Letters from our readers.
Sept. 26 1997 3:30 AM

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Scenes From a Marriage

Steven E. Landsburg's otherwise excellent analysis in "The Marriage Contract" omits the case where there is a third party involved, i.e., the kids. If Tom and Gerri would each individually be better off with a divorce, but their kid Terri would be worse off to a greater degree than the sum of the benefits to Tom and Gerri, and may not be involved in the negotiations, wouldn't it be safe to say that the covenant marriage is clearly superior in maximizing total well-being?

--Andrew BrecherWashington

Soul Man


In "Plain Folk," an otherwise fine review of The Anthology of American Folk Music, Luc Sante states: "[I]t is just as surprising to find out that such bluesmen as Hutchinson and Richard 'Rabbit' Brown were white."

This was a surprise to me, because I was sure that among the very few biographical details known about Brown was the fact that he was black. I've checked several sources and had this confirmed (and seen nothing to the contrary). There is nothing to this effect in the liner notes. I therefore wonder what the basis for Sante's statement may have been.

--Tom Freeland

The Cook, the Thief ...


Although it's hard to disagree with James Surowiecki's roasting of Wade Cook in "The Book on Cook," Surowiecki's assertion that the equity stock option market is "simply a big casino" that "contribute[s] nothing to the smooth functioning of capital markets" is both wrong and silly. Equity options, just like commodity and currency futures, can and often do serve a hedging function. Consider, for example, someone who owns shares of IBM at $100 and has a $20 paper profit on the stock. If that investor were willing to pay extra for the security of limited downside, she could buy put options with a strike price of $98, which would lock in her profit on the shares at $18, less whatever the options cost. Hardly the act of a speculator in a casino.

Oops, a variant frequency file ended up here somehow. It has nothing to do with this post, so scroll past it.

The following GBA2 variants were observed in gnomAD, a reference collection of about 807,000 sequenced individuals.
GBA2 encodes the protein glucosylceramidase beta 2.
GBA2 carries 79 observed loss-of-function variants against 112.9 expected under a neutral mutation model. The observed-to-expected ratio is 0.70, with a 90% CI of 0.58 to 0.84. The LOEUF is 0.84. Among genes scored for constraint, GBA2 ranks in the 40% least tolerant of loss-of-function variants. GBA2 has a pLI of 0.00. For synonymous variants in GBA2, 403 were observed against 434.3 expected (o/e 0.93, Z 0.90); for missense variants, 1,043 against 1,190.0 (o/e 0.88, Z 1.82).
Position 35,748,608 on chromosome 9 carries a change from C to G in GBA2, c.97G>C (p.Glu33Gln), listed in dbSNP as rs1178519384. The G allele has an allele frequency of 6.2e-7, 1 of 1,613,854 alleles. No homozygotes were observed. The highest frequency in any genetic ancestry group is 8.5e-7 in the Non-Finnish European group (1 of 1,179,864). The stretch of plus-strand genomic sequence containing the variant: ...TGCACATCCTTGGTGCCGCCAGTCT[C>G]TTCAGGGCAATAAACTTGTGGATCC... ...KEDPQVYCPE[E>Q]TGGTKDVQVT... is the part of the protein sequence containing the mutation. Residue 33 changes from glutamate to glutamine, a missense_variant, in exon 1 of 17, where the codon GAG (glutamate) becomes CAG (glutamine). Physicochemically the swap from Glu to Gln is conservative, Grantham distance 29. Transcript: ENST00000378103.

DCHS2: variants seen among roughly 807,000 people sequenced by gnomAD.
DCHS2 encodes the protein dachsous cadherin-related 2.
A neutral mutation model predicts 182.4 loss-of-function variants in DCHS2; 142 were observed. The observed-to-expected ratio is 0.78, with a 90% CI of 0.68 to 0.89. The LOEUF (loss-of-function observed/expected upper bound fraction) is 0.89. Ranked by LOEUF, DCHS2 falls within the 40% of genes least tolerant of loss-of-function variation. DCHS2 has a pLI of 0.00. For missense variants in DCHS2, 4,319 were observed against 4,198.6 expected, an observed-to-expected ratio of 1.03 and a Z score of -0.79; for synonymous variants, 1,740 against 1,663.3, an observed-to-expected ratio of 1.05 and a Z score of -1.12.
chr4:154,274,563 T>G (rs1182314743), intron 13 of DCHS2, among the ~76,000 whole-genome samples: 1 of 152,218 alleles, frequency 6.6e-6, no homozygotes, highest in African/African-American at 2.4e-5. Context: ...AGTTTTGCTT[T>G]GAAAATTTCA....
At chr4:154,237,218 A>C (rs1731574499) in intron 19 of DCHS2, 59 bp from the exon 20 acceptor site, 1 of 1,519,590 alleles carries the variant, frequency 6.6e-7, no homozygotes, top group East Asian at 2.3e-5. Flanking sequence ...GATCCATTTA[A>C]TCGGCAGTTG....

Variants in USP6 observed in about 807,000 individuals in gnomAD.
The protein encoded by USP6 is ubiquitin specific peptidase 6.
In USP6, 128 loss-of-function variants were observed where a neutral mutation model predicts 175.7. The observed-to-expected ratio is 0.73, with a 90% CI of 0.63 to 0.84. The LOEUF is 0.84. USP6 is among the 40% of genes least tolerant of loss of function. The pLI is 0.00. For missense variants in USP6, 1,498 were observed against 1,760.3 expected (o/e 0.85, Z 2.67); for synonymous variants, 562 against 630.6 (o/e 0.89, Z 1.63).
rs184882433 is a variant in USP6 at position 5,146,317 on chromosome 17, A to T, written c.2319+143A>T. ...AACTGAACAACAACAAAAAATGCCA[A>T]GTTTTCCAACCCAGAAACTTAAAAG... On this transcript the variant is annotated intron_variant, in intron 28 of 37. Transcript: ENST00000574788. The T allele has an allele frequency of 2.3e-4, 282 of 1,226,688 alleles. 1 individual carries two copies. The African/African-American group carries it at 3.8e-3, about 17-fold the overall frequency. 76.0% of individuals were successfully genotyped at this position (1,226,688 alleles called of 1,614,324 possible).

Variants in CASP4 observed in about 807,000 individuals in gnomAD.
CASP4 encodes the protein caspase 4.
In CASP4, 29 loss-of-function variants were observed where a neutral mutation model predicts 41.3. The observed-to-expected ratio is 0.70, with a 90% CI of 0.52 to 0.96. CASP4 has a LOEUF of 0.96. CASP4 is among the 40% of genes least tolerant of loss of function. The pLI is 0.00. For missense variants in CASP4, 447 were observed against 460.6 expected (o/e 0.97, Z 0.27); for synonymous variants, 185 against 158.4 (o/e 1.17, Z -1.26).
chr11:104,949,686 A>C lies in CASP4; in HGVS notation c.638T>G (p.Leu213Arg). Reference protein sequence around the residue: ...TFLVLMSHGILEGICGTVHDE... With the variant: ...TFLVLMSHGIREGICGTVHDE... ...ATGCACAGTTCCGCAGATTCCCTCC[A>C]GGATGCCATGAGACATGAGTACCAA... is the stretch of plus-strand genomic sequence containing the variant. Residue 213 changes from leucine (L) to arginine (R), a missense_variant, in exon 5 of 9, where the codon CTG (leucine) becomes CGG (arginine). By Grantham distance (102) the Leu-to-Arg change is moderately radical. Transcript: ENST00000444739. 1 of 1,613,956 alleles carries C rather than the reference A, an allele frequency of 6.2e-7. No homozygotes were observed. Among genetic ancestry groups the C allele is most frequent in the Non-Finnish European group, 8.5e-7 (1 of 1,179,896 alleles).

Equity options themselves aren't the problem--they have legitimate uses--and without the ability to lock in positions that equity options offer, certain folks might not be in the equity market in the first place. People like Wade Cook are the problem. I wish Surowiecki had made that distinction.

--Joe OshaNew York City

To Di For


The very insinuation that Hillary Rodham Clinton could possibly have anything to learn from Princess Diana was intriguing enough to make me click on Margaret Carlson's "Hillary and Di." Though I had hoped for something more interesting than spin control for women in a man's world, I was impressed with the breathtakingly casual lack of fairness to the first lady that created the intriguing premise.

Carlson contends that Diana was more successful for her causes than Hillary has been for hers, even though Diana was clearly less committed to her charity work than to her jet-setting lifestyle. Carlson writes that "[l]and mines made it onto the world's agenda because Diana put them there," implying that Diana was a success, and that "there are still 47 million people with no health insurance," implying that Hillary is a failure.

Apparently Carlson is unfamiliar with the old saying about apples and oranges. All Diana had to do to succeed, in Carlson's mind, was to get people talking. The first lady, on the other hand, had to actually make an unprecedented change in American public policy before she could measure up. If we use the same standard for both, Hillary was a great success (more people talked about health care than are talking about land mines) and, at best, the jury is still out on Diana (though I imagine land mines will go on killing people for decades to come).

I'm afraid that Carlson has been infected with the same virus, epidemic since Diana's death, that makes people recast all criteria for a good and successful life in terms that only Diana can meet. No matter that another woman might have done more good than Diana: She doesn't stand a chance--unless she, too, has the public relations windfall of a spectacular and tragic death. That's quite a legacy for the late princess.